NEW YORK — Investors are dumping Facebook’s stock, spooked by slowing revenue growth, the lack of a financial outlook and plans to spend more money in the coming months.
Are they right?
Only if they are thinking in the short term. Investors can expect Facebook’s stock to be volatile for a few years. But analysts say those willing to wait will likely be rewarded — someday.
‘‘I view it as a tomorrow stock,’’ says Christian Bertelsen, chief investment officer at wealth management firm Global Financial Private Capital. That’s about three or four years, he says.
Founded in chief executive Mark Zuckerberg’s Harvard dorm room in 2004, Facebook was a product of the PC era. Now, in the age of mobile computing, a growing number of people are accessing Facebook through their iPhones, Android gadgets, and tablet computers. Yet Facebook is only now starting to figure out how to make money from its mobile audience.
‘‘The company is going through an almost painful transition from desktop to mobile,’’ Baird analyst Colin Sebastian says.
Facebook’s first earnings report since its rocky initial public offering on May 18 was the second coming that didn’t quite materialize. So investors sent Facebook’s stock to its lowest level ever on Friday. Shares fell $3.14, or nearly 12 percent, to close at $23.71 after hitting $22.28 in the morning. The previous low was $25.52, reached on June 6.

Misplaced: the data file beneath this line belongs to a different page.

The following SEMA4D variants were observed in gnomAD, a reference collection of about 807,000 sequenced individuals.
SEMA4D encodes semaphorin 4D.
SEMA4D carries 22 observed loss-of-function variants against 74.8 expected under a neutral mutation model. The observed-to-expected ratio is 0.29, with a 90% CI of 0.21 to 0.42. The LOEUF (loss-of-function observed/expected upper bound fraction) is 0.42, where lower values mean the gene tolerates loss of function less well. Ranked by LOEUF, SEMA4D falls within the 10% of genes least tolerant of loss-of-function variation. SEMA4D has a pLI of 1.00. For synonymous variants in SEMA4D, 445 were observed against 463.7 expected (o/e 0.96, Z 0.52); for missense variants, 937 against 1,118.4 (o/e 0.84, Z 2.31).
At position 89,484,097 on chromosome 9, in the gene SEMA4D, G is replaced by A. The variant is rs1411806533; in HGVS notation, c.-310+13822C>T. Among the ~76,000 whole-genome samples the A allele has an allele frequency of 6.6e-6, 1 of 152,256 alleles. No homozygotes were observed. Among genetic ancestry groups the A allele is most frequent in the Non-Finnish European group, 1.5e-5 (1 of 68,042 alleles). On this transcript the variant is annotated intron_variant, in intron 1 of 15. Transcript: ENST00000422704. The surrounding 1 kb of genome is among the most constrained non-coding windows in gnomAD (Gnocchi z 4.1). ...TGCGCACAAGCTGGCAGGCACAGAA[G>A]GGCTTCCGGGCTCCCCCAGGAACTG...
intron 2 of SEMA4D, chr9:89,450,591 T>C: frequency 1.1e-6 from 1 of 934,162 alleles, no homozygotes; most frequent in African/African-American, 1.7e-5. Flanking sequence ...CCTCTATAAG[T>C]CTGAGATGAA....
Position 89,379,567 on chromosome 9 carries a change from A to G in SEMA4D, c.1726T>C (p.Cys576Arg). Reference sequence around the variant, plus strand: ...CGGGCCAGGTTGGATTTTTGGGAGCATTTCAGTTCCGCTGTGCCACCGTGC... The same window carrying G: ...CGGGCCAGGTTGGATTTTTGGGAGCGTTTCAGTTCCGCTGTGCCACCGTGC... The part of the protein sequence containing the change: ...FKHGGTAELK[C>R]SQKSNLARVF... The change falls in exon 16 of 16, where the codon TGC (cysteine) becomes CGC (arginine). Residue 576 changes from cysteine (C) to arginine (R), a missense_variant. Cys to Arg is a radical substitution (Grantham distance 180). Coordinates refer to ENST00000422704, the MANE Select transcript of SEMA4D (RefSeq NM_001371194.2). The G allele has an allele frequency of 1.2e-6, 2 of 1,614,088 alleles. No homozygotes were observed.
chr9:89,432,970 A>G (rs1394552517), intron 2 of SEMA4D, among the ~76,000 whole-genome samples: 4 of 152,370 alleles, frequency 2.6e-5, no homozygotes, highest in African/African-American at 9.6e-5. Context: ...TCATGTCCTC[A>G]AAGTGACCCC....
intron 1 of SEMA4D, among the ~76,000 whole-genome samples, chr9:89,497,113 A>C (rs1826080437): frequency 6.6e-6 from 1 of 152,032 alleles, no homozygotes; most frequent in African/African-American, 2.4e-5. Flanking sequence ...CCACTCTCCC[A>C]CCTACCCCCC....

The stock dropped despite the fact that Facebook’s second-quarter results met Wall Street’s expectations, with revenue one-third higher than last year.
In the first quarter of this year, revenue climbed 44 percent, higher than the 32 percent increase in the second quarter. Following in Google’s footsteps, it did not offer financial guidance for the coming quarters, which makes it a riskier bet for investors.
Facebook also said it plans to increase its investments in the coming quarters. Higher expenses could mean lower profits.
With Facebook’s stock hitting a new low on Friday, the company lost up to 39 percent of its value. It’s now around $66 billion, a little more than 3M, the company that makes Scotch tapes, stethoscopes and sandpaper. It’s also in the same range as American Express.
Analysts are generally positive on Facebook. Of the 27 analyst ratings available from FactSet, 15 are ‘‘buy’’ or equivalent, while just three are a ‘‘sell.’’ Analysts tend to have longer-term views of stocks than many day-to-day investors.
‘‘We don’t view these results as dramatically good or bad,’’ Citi analyst Mark Mahaney says. ‘‘Key questions remain: the future of Facebook mobile monetization and the future of Facebook user engagement.’’